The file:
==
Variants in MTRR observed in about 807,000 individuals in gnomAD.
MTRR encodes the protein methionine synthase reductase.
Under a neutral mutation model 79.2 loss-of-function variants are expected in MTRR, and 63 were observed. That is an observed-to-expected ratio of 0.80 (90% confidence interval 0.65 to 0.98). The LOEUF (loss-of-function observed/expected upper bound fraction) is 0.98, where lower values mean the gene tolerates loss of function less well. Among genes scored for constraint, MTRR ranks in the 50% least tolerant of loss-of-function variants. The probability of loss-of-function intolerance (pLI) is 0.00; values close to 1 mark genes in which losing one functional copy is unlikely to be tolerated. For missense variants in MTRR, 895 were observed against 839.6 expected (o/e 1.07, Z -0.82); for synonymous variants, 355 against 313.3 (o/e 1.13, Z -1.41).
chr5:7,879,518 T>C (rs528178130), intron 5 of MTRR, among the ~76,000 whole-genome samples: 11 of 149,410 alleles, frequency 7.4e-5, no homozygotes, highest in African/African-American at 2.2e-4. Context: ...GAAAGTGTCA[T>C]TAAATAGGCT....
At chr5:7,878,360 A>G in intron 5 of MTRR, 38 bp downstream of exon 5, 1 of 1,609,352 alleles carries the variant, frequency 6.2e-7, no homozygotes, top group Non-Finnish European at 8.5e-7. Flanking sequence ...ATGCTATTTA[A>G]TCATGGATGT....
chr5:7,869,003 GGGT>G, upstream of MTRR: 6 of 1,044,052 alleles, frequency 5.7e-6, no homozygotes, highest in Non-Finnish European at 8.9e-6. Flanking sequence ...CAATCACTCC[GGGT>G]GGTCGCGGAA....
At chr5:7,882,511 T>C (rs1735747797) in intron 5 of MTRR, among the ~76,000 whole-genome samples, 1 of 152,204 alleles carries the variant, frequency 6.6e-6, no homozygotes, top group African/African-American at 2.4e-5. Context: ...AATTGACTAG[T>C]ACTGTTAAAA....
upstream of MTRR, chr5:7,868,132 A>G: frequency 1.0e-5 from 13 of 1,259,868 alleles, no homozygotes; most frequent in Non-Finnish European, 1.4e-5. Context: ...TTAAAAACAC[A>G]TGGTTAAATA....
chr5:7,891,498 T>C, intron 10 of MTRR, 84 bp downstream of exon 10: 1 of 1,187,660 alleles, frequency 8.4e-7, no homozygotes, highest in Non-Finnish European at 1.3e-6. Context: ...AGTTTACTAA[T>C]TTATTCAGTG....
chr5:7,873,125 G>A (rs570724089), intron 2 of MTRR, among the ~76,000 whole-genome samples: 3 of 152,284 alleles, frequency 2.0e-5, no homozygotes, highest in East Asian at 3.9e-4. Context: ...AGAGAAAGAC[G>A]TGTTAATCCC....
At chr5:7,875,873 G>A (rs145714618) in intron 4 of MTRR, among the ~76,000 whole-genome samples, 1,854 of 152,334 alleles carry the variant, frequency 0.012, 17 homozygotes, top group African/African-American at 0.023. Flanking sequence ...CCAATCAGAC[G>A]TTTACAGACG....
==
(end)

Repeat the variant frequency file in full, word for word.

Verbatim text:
Variants in MTRR observed in about 807,000 individuals in gnomAD.
MTRR encodes the protein methionine synthase reductase.
Under a neutral mutation model 79.2 loss-of-function variants are expected in MTRR, and 63 were observed. That is an observed-to-expected ratio of 0.80 (90% confidence interval 0.65 to 0.98). The LOEUF (loss-of-function observed/expected upper bound fraction) is 0.98, where lower values mean the gene tolerates loss of function less well. Among genes scored for constraint, MTRR ranks in the 50% least tolerant of loss-of-function variants. The probability of loss-of-function intolerance (pLI) is 0.00; values close to 1 mark genes in which losing one functional copy is unlikely to be tolerated. For missense variants in MTRR, 895 were observed against 839.6 expected (o/e 1.07, Z -0.82); for synonymous variants, 355 against 313.3 (o/e 1.13, Z -1.41).
chr5:7,879,518 T>C (rs528178130), intron 5 of MTRR, among the ~76,000 whole-genome samples: 11 of 149,410 alleles, frequency 7.4e-5, no homozygotes, highest in African/African-American at 2.2e-4. Context: ...GAAAGTGTCA[T>C]TAAATAGGCT....
At chr5:7,878,360 A>G in intron 5 of MTRR, 38 bp downstream of exon 5, 1 of 1,609,352 alleles carries the variant, frequency 6.2e-7, no homozygotes, top group Non-Finnish European at 8.5e-7. Flanking sequence ...ATGCTATTTA[A>G]TCATGGATGT....
chr5:7,869,003 GGGT>G, upstream of MTRR: 6 of 1,044,052 alleles, frequency 5.7e-6, no homozygotes, highest in Non-Finnish European at 8.9e-6. Flanking sequence ...CAATCACTCC[GGGT>G]GGTCGCGGAA....
At chr5:7,882,511 T>C (rs1735747797) in intron 5 of MTRR, among the ~76,000 whole-genome samples, 1 of 152,204 alleles carries the variant, frequency 6.6e-6, no homozygotes, top group African/African-American at 2.4e-5. Context: ...AATTGACTAG[T>C]ACTGTTAAAA....
upstream of MTRR, chr5:7,868,132 A>G: frequency 1.0e-5 from 13 of 1,259,868 alleles, no homozygotes; most frequent in Non-Finnish European, 1.4e-5. Context: ...TTAAAAACAC[A>G]TGGTTAAATA....
chr5:7,891,498 T>C, intron 10 of MTRR, 84 bp downstream of exon 10: 1 of 1,187,660 alleles, frequency 8.4e-7, no homozygotes, highest in Non-Finnish European at 1.3e-6. Context: ...AGTTTACTAA[T>C]TTATTCAGTG....
chr5:7,873,125 G>A (rs570724089), intron 2 of MTRR, among the ~76,000 whole-genome samples: 3 of 152,284 alleles, frequency 2.0e-5, no homozygotes, highest in East Asian at 3.9e-4. Context: ...AGAGAAAGAC[G>A]TGTTAATCCC....
At chr5:7,875,873 G>A (rs145714618) in intron 4 of MTRR, among the ~76,000 whole-genome samples, 1,854 of 152,334 alleles carry the variant, frequency 0.012, 17 homozygotes, top group African/African-American at 0.023. Flanking sequence ...CCAATCAGAC[G>A]TTTACAGACG....